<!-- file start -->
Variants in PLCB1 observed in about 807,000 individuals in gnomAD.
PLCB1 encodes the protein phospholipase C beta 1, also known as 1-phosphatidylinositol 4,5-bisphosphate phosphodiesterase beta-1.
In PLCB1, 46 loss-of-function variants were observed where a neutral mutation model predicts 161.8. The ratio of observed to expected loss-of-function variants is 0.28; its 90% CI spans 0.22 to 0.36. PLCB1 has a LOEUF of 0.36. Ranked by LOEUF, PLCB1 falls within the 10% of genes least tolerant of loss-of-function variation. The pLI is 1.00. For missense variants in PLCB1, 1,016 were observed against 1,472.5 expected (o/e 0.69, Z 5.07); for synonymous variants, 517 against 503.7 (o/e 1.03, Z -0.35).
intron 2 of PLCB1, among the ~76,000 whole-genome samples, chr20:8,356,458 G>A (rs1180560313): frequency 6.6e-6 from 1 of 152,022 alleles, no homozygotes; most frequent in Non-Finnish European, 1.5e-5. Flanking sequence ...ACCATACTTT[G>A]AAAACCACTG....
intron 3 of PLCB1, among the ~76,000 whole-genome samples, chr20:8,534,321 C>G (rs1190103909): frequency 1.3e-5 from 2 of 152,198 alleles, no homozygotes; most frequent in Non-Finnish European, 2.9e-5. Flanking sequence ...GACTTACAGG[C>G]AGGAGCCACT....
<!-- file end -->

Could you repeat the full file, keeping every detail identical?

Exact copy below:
Variants in PLCB1 observed in about 807,000 individuals in gnomAD.
PLCB1 encodes the protein phospholipase C beta 1, also known as 1-phosphatidylinositol 4,5-bisphosphate phosphodiesterase beta-1.
In PLCB1, 46 loss-of-function variants were observed where a neutral mutation model predicts 161.8. The ratio of observed to expected loss-of-function variants is 0.28; its 90% CI spans 0.22 to 0.36. PLCB1 has a LOEUF of 0.36. Ranked by LOEUF, PLCB1 falls within the 10% of genes least tolerant of loss-of-function variation. The pLI is 1.00. For missense variants in PLCB1, 1,016 were observed against 1,472.5 expected (o/e 0.69, Z 5.07); for synonymous variants, 517 against 503.7 (o/e 1.03, Z -0.35).
intron 2 of PLCB1, among the ~76,000 whole-genome samples, chr20:8,356,458 G>A (rs1180560313): frequency 6.6e-6 from 1 of 152,022 alleles, no homozygotes; most frequent in Non-Finnish European, 1.5e-5. Flanking sequence ...ACCATACTTT[G>A]AAAACCACTG....
intron 3 of PLCB1, among the ~76,000 whole-genome samples, chr20:8,534,321 C>G (rs1190103909): frequency 1.3e-5 from 2 of 152,198 alleles, no homozygotes; most frequent in Non-Finnish European, 2.9e-5. Flanking sequence ...GACTTACAGG[C>G]AGGAGCCACT....